All should pay attention to the war
Last week, after five years of conflict, the number of American casualties in Iraq reached 4000, as reported by The New York Times. Without a doubt, this news is tragic. Each soldier’s death reminds us of the waste and destruction that human beings unleash on each other in times of war and conflict.
However, the most upsetting element to this bloody landmark is that it caught so many Americans by surprise. At this time last year, the death toll of American soldiers was nearing 3500, and President Bush was beginning to talk about a troop surge. It had been the bloodiest year of the war yet, and over 50 percent of Americans knew what the casualty count looked like, according to an ongoing study conducted at the Pew Center. This year, only 28 percent of Americans reportedly saw the 4000 mark approaching.
The fact that our young men and women are dying for this war is clearly grievous. Even a spokeswoman for President Bush said, regarding the death toll reaching 4000, “The president feels each and every one of the deaths very strongly and he grieves for their families,” according to the Times article. But beyond this is the fact that Americans are not paying enough attention, as a whole, to the war.
Moreover, the war has had more consequences than just that of a high number of American soldiers’ deaths. This 4000-casualty figure does not even include the huge number of Iraqi civilian casualties of the war, or even the economic burden that the war has placed on individual Americans. Since the American invasion of Iraq began, there have been approximately 151,000 Iraqi civilian casualties, according to reports by the BBC. That is approximately 30,000 casualties per year, which is a frighteningly large number. These deaths, too, are tragic, and they’re underrepresented in the American discussion of the war.
The American people were handed a war on September 11, 2001, when 2948 people were killed in a single day on our soil. Maybe the invasion of Iraq was a mistake, but the attacks of 9/11 called for strong action in response. Just imagine how our world and our country specifically would be different today if the United States had not entered World War II after the Japanese killed 2403 Americans in a single day at Pearl Harbor, Hawaii. Regardless of whether or not the initial reasons for the Iraq invasion were just, it is the American citizens’ responsibility now to acknowledge the issues at hand and stay current with information on the war.
All things considered, U.S. soldiers in Iraq appear to be doing a pretty good job of taking care of themselves and their buddies, at least. The rate at which soldiers die in Iraq is surprisingly close to the rates at which soldiers die due to accidents during peacetime. In fact, the annual military death toll, which has hovered around 1800, is lower than several peacetime years in the early 1980s, according to a report from Congress released last summer. However, the fact remains that 4000 American soldiers have died since the invasion started, and we as a nation aren’t recognizing that fact enough.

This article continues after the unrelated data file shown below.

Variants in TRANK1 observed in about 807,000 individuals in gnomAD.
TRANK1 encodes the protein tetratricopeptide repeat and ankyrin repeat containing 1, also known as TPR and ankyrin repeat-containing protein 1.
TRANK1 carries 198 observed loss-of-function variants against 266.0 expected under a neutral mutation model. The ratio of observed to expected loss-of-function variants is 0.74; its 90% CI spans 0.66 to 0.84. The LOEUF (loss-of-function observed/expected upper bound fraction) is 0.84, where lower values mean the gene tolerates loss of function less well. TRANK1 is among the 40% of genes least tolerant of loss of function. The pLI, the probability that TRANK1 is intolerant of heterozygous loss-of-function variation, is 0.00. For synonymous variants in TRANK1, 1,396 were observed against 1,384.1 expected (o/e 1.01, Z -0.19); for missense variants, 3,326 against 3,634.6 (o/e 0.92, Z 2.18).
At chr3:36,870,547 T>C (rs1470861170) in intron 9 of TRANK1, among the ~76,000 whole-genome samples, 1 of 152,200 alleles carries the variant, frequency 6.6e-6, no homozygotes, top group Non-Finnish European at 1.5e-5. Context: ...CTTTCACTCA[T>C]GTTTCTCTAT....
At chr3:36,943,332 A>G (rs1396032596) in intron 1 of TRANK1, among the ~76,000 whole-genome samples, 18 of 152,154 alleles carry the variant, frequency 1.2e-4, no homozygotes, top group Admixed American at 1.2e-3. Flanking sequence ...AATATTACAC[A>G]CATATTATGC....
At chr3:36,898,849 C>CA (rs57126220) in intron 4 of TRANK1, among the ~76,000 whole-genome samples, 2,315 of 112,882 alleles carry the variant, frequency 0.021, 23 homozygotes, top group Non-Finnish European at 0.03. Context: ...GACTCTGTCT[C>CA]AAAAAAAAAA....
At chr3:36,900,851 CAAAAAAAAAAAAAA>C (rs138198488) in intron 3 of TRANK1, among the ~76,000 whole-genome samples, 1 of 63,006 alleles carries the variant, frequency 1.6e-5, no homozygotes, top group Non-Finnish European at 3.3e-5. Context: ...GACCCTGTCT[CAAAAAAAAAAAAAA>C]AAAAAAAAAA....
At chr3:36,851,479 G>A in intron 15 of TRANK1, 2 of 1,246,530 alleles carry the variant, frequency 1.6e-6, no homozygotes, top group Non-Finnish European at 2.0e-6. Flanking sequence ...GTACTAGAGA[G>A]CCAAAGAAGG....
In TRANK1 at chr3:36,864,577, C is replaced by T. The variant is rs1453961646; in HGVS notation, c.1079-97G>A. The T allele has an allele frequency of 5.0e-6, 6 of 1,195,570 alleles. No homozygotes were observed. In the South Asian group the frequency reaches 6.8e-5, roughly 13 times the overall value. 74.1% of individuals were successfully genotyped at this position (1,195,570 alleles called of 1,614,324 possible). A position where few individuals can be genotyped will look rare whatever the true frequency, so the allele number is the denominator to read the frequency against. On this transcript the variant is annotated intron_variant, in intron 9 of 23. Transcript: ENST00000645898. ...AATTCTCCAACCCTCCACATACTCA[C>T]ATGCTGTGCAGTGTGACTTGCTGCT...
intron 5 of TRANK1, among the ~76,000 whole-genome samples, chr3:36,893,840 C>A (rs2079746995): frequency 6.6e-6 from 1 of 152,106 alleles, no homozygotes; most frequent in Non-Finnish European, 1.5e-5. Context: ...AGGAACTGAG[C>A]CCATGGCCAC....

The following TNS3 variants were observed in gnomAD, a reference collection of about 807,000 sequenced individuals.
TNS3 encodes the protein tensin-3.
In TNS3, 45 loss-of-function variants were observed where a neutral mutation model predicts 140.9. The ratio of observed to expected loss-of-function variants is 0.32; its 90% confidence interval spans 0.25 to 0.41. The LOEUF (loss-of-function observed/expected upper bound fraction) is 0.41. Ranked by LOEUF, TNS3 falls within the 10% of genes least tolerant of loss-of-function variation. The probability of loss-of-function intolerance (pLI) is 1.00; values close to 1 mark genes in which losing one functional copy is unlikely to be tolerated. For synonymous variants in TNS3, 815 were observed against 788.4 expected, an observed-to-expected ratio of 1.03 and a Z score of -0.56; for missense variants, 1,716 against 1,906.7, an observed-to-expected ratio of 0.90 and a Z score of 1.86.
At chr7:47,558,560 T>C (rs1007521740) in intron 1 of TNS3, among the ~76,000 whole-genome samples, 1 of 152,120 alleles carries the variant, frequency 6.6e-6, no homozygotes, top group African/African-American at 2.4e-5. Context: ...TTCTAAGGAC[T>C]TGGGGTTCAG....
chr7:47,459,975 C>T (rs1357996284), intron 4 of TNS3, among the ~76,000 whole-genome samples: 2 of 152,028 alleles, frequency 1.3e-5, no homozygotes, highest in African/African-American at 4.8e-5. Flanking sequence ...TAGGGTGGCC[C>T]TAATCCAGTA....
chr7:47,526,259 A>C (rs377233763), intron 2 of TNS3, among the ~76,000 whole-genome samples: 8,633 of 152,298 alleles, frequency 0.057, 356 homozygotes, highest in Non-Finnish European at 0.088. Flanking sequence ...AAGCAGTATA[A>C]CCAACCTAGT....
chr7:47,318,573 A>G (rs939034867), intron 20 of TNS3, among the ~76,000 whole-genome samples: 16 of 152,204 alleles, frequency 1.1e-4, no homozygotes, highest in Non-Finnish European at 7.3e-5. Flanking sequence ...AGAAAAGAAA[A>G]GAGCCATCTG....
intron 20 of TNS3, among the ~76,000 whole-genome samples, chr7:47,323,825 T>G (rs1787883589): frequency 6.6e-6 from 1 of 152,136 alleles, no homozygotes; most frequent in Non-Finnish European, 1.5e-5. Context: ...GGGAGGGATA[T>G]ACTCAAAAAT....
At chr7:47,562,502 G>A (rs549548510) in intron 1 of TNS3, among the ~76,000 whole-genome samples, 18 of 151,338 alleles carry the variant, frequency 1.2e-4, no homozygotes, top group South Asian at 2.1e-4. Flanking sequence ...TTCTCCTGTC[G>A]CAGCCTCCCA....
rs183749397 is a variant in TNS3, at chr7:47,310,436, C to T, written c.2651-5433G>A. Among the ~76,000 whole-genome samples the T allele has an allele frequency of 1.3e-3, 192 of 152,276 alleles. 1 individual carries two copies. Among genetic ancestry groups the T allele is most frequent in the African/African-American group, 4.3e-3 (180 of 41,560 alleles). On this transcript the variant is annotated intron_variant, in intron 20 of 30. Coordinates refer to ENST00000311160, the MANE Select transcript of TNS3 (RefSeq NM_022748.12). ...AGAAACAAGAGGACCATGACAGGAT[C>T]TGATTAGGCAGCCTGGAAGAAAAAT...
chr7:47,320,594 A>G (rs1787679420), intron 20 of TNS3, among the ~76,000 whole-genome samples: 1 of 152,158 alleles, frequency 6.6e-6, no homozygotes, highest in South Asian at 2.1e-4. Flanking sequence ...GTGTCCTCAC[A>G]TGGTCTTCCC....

Last year, Americans were frustrated with the war in which we are all now involved; many Americans were angry at President Bush for refusing to use diplomacy and for misrepresenting the risks we faced. But now, most of us seem to just not care anymore; at least, we don’t seem to care enough to acknowledge the plights of our own soldiers.
We are a country in denial. Our parents told us that they dealt with war so that we would not have to. Their parents told them the same thing. We may again someday fail to prevent an attack.
Our country’s soldiers have the most difficult job of any American. Not only is being a soldier one of the deadliest occupations, but death surrounds these people. They go out there every day just trying to survive, and they watch people — their friends, their enemies, and innocent civilians, too — die around them. By assuming such strife, soldiers allow us to forget about our losses, and ignore the suffering in other places.
Whether you support the troops and want them to keep fighting, or support the troops and want them to come home, the very least each of us can do is to pay attention to what is going on in the Iraq war in any way we can. It is impossible to better this situation if we simply close our eyes and point our fingers. The only way to help bring American soldiers home — and avoid another 4000 being lost — is to listen to what others need.